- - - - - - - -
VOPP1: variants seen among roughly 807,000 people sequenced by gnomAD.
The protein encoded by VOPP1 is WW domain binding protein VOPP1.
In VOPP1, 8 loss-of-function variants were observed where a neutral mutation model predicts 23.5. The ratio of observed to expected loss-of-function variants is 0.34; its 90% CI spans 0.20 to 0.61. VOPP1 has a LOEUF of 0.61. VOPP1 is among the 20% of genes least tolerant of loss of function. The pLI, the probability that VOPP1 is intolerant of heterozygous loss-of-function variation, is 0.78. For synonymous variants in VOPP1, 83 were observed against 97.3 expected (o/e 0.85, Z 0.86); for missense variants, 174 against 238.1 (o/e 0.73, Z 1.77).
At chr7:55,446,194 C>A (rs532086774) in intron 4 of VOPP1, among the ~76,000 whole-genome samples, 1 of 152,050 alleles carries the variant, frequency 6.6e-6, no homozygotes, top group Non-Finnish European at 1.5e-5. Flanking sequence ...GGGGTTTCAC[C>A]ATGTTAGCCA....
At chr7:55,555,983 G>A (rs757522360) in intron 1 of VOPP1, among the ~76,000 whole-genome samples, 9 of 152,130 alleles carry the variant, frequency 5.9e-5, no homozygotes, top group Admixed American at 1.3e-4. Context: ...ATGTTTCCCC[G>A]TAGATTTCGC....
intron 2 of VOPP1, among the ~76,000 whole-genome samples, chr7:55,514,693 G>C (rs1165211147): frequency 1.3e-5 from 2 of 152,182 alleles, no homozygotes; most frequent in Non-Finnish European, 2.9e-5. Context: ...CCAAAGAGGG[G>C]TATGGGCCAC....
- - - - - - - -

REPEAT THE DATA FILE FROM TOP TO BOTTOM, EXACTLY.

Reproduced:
VOPP1: variants seen among roughly 807,000 people sequenced by gnomAD.
The protein encoded by VOPP1 is WW domain binding protein VOPP1.
In VOPP1, 8 loss-of-function variants were observed where a neutral mutation model predicts 23.5. The ratio of observed to expected loss-of-function variants is 0.34; its 90% CI spans 0.20 to 0.61. VOPP1 has a LOEUF of 0.61. VOPP1 is among the 20% of genes least tolerant of loss of function. The pLI, the probability that VOPP1 is intolerant of heterozygous loss-of-function variation, is 0.78. For synonymous variants in VOPP1, 83 were observed against 97.3 expected (o/e 0.85, Z 0.86); for missense variants, 174 against 238.1 (o/e 0.73, Z 1.77).
At chr7:55,446,194 C>A (rs532086774) in intron 4 of VOPP1, among the ~76,000 whole-genome samples, 1 of 152,050 alleles carries the variant, frequency 6.6e-6, no homozygotes, top group Non-Finnish European at 1.5e-5. Flanking sequence ...GGGGTTTCAC[C>A]ATGTTAGCCA....
At chr7:55,555,983 G>A (rs757522360) in intron 1 of VOPP1, among the ~76,000 whole-genome samples, 9 of 152,130 alleles carry the variant, frequency 5.9e-5, no homozygotes, top group Admixed American at 1.3e-4. Context: ...ATGTTTCCCC[G>A]TAGATTTCGC....
intron 2 of VOPP1, among the ~76,000 whole-genome samples, chr7:55,514,693 G>C (rs1165211147): frequency 1.3e-5 from 2 of 152,182 alleles, no homozygotes; most frequent in Non-Finnish European, 2.9e-5. Context: ...CCAAAGAGGG[G>C]TATGGGCCAC....